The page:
Ahh, Kegel exercises.
Nothing like being able to strengthen your pelvic floor muscles while you’re sitting in traffic or standing in line at the grocery store. Some say that’s the beauty of Kegel exercises. You can do them anywhere at any time and no one knows! There are a variety of causes behind the weakening of the pelvic floor muscles—the muscles that are easy to identify because they are what you contract to stop the flow of urine when going to the bathroom. Some of the reasons they weaken in women are vaginal childbirth, aging, and vaginal trauma. Generally speaking, muscles that are tight when we are young begin to lose their tightness and strength as we age and as we become sexually active. But also generally speaking, in much the same way you can strengthen your biceps through training, you also can strengthen your pelvic floor muscles through training. (Thus the encouragement to contract them whenever you can, including while standing in line at the grocery store). Men and women can strengthen their pelvic floor muscles by doing Kegels. We call them Kegels because they are named for Dr. Arnold Kegel, a gynecologist who first recommended repetitive and regular contraction of these pelvic floor muscles as a way to help limit those pesky bladder leakage issues. Few people probably know the history behind the name, but countless people (especially women) are completely aware of what someone means when they say “Kegels.”
Keeping the pelvic floor muscles strong helps not only to limit bladder leakage, but also to improve sexual satisfaction—for the wife and for the husband.
The tighter these muscles are in a woman, the more tightness there is around the penis, which can be incredibly satisfying for both a wife and a husband (assuming there is enough natural and/or artificial vaginal lubrication and the wife is not suffering from vaginismus). When a wife tightens her pelvic floor muscles during sex, this too can intensify sexual satisfaction for both her and her husband.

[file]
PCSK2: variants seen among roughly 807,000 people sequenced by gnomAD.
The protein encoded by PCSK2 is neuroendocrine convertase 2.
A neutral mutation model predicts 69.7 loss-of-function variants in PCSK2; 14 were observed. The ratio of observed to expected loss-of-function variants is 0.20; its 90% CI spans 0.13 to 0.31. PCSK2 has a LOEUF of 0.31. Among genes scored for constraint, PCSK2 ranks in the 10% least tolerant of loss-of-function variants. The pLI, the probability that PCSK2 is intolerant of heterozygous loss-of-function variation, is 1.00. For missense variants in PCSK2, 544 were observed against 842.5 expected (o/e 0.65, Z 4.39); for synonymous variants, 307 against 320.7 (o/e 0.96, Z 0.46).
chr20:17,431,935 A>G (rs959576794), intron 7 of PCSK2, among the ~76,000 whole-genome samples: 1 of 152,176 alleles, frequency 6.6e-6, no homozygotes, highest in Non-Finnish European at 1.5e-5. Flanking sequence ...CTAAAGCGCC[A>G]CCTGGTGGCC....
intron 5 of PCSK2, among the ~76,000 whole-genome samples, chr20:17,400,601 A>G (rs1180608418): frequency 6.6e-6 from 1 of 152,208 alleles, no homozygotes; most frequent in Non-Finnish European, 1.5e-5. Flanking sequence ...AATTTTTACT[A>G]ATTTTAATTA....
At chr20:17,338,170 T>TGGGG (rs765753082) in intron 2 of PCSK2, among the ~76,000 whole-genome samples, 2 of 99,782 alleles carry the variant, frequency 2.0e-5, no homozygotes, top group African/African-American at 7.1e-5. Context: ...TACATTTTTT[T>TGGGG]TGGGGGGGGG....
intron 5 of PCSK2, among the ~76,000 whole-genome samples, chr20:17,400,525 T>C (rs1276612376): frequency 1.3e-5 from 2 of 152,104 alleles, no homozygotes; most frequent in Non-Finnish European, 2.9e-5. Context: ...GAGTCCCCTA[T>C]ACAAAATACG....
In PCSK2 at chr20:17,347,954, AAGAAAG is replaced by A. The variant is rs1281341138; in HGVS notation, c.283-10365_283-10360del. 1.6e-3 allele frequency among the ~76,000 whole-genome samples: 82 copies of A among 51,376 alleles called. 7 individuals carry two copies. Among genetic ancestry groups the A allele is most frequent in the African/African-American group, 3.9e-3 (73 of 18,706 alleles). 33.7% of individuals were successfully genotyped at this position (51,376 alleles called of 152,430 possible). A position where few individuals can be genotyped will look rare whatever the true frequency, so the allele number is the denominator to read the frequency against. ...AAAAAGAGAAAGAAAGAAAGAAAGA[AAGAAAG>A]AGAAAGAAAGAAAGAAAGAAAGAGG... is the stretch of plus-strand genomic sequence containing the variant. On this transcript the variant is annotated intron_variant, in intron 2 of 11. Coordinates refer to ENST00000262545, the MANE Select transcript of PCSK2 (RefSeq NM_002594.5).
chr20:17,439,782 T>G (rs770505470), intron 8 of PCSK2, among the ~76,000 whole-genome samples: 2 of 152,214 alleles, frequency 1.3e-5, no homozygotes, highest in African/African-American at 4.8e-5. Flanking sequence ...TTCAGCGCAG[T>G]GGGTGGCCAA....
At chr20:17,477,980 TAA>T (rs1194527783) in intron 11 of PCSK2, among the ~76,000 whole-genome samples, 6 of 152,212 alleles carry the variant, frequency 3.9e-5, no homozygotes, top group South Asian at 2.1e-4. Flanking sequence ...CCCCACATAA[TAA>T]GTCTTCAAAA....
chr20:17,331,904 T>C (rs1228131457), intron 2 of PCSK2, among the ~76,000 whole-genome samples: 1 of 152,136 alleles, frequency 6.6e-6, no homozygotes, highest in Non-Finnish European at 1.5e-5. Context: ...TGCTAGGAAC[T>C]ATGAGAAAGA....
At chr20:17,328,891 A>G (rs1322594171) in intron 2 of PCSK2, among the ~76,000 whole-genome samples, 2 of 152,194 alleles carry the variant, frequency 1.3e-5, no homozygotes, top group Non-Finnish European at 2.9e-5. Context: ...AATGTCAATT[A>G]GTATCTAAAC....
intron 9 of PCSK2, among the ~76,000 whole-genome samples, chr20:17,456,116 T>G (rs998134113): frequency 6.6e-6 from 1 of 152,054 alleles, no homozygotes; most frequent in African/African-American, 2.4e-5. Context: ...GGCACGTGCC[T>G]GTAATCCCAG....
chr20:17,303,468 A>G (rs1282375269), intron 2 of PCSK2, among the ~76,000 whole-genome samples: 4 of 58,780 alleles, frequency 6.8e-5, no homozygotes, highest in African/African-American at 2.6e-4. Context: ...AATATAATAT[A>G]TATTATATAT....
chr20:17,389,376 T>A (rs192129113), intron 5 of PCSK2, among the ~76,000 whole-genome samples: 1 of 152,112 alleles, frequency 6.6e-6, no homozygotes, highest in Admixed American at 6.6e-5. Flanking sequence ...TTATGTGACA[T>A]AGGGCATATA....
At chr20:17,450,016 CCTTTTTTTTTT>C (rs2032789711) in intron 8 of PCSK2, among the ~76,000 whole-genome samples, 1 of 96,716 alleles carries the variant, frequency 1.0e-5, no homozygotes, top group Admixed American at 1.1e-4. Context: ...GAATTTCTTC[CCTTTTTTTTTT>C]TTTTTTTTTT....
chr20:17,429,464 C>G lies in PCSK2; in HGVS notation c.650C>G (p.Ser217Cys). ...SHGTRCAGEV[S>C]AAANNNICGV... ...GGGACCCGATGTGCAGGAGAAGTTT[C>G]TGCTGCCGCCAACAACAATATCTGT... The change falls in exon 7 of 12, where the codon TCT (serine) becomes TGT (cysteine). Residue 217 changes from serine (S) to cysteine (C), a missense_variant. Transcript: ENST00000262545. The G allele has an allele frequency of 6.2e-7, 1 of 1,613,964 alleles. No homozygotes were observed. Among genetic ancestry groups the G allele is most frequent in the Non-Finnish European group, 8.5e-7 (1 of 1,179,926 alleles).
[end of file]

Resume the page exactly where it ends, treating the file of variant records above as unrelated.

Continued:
So is there a gym for the vagina? I heard about Kegelbell, a product for women, and I decided to order it.
Kegelbell consists of a plastic bulb inserted into the vagina. The bulb has a cord on it (much in the same way a tampon has a cord that hangs out of the vagina). On the end of the bulb’s cord, you then can attach a series of weights. Kegelbell is designed to be used in private while standing in one place. It is not designed to be worn while walking around. The premise is the same as weight training. You contract your pelvic floor muscles to strengthen them. The more weight on the bulb, the more effective the strength training is for the muscles.
I just got my Kegelbell the other day, so you’ll have to wait for my update on how I feel about ease of use and effectiveness.
Certainly over the years, like most women, I have noticed the weakening of my pelvic floor muscles. It just makes sense that keeping these muscles strong is wise, in much the same way that keeping all of our muscles strong is wise. The Kegelbell packaging is incredibly nice and the product looks well made. I was grateful also to see included thorough explanation of how to use the device effectively and safely, as well as ample warnings about who should not use the product. For example, you should not use it if you have an active vaginal infection, are pregnant, have pelvic pain and/or have had pelvic surgery recently. As with any product of this sort, you definitely are encouraged to talk to your health care professional as you would before embarking on any fitness regimen. That’s what Kegelbell is designed for—to be a fitness regimen for your vagina.
It’s a gym for your vajayjay. (Famed television show creator Shonda Rhimes gets credit for that word, which is now forever part of our casual lexicon).
Stay tuned. My assessment of Kegelbell is coming. Enough with the puns, right?!
For more reading, you can cruise through my list of past posts, as well as my page with a bunch of posts on orgasm.
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